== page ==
Matt Fannin, Paxton, Kenneth W., Bogren, Richard C. | 11/2/2007 1:38:57 AM
Louisiana agriculture shifted gears in 2007 as growers moved almost 300,000 historically planted cotton acres to corn. Initial estimates from LSU AgCenter economists show the net effect of this shift in production to be only $700,000, or 0.57 percent above what the Louisiana economy would have earned had the acreage remained in cotton.
This net effect was the result of $29 million in increased spending from the sale of corn countered by an almost-equal $28 million in losses sustained by farm suppliers.
Some sectors of the economy are winners while others are losers from this commodity switch, the economists said.
“Farmers are likely to be the main benefactors from the economic impact caused by this shift in production” said Dr. Matthew Fannin, an LSU AgCenter economist.
Farm households in Louisiana are expected to see an increase of more than 300 percent in direct income from $2 million to more than $8 million from the switch from cotton to corn, he said. The increased income is driven by increased corn acreage combined with higher corn prices, which gave higher profit margins than cotton in 2007.
This increase in income is expected to have an effect of more than $33 million in total sales in the economy, Fannin said. If the state average corn yield continues to increase above initial estimates, these effects could be even higher.
On the other hand, local suppliers of agricultural inputs and cotton ginners appear to be most negatively affected by the switch. Because costs to grow an acre of corn are less than the costs to grow an acre of cotton, the state is expected to have a net loss in sales of almost $22 million in farm inputs, the economists said. In addition, lower costs of drying and handling corn compared to ginning cotton will cost the state economy another $3.5 million.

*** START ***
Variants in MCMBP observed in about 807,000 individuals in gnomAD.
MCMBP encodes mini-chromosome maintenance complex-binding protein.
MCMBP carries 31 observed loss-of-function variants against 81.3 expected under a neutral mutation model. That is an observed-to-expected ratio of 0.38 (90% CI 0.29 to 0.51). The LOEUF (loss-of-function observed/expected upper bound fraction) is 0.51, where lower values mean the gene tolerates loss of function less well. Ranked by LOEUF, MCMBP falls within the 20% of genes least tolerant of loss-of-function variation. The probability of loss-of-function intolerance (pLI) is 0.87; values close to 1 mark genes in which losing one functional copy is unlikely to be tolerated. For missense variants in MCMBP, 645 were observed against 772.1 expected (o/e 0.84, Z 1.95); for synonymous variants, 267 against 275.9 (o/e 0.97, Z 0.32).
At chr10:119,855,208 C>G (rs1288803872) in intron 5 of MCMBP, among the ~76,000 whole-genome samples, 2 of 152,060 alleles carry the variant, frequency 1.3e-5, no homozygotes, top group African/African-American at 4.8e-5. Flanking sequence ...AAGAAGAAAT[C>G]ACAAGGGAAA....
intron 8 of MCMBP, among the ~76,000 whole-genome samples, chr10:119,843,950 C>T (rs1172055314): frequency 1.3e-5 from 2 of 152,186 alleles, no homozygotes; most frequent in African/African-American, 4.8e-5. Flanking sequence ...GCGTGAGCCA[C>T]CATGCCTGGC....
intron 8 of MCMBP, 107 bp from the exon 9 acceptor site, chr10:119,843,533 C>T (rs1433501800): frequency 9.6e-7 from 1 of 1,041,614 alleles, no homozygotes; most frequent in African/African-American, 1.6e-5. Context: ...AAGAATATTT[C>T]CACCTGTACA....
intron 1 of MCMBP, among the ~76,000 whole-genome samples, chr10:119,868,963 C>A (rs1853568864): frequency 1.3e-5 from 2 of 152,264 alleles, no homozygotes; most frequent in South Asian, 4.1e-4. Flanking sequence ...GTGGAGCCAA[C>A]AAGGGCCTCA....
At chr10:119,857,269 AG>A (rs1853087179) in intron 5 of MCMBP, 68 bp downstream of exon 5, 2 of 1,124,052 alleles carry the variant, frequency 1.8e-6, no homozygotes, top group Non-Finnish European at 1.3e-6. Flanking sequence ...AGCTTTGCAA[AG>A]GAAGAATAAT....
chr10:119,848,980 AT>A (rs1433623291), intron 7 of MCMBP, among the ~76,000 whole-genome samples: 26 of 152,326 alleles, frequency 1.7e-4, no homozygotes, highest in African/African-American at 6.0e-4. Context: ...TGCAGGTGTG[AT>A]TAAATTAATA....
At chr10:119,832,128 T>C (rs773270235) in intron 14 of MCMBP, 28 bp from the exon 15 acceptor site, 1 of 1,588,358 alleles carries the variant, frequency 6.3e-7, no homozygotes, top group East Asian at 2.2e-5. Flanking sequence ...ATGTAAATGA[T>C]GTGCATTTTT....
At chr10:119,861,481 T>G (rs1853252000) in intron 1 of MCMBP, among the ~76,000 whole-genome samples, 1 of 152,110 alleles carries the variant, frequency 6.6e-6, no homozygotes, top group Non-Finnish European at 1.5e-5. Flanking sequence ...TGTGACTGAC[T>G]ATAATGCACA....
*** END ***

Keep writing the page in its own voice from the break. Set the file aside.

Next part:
“If this shift in production were to be sustained over an extended period of time, the infrastructure supporting the cotton industry may not be able to recover,” said Dr. Kenneth Paxton, an LSU AgCenter economist. Some gins have chosen not to operate during the 2007 season, and those that are in operation will be processing at reduced levels.
Longer-term effects are difficult to predict, Paxton said. On one hand, increased operating margins for corn will encourage a reinvestment in such items as farm equipment, thereby positively affecting portions of the local farm retail sector.
If corn prices remain high, however, cotton gins are likely to continue to struggle as fewer acres of cotton make it increasingly difficult for these value-added agribusinesses to stay afloat, he said.
More information on the economic impact of corn production versus cotton production is available on the Internet at www.lsuagcenter.com.